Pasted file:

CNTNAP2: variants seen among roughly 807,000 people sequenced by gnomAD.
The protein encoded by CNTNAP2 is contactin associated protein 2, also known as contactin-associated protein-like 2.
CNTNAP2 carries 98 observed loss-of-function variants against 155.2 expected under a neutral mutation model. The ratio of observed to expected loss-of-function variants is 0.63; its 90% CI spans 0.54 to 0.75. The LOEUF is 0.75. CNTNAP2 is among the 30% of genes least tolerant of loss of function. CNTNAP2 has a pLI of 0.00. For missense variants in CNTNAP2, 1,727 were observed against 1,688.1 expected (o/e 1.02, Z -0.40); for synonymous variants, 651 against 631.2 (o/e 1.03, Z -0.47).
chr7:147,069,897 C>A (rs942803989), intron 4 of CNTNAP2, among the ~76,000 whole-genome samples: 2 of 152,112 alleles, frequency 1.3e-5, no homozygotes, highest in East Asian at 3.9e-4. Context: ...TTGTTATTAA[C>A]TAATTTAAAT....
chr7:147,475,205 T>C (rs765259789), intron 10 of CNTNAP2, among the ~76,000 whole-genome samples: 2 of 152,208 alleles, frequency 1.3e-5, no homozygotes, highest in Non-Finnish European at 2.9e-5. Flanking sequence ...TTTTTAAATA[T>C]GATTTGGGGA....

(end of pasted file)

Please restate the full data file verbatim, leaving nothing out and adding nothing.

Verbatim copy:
CNTNAP2: variants seen among roughly 807,000 people sequenced by gnomAD.
The protein encoded by CNTNAP2 is contactin associated protein 2, also known as contactin-associated protein-like 2.
CNTNAP2 carries 98 observed loss-of-function variants against 155.2 expected under a neutral mutation model. The ratio of observed to expected loss-of-function variants is 0.63; its 90% CI spans 0.54 to 0.75. The LOEUF is 0.75. CNTNAP2 is among the 30% of genes least tolerant of loss of function. CNTNAP2 has a pLI of 0.00. For missense variants in CNTNAP2, 1,727 were observed against 1,688.1 expected (o/e 1.02, Z -0.40); for synonymous variants, 651 against 631.2 (o/e 1.03, Z -0.47).
chr7:147,069,897 C>A (rs942803989), intron 4 of CNTNAP2, among the ~76,000 whole-genome samples: 2 of 152,112 alleles, frequency 1.3e-5, no homozygotes, highest in East Asian at 3.9e-4. Context: ...TTGTTATTAA[C>A]TAATTTAAAT....
chr7:147,475,205 T>C (rs765259789), intron 10 of CNTNAP2, among the ~76,000 whole-genome samples: 2 of 152,208 alleles, frequency 1.3e-5, no homozygotes, highest in Non-Finnish European at 2.9e-5. Flanking sequence ...TTTTTAAATA[T>C]GATTTGGGGA....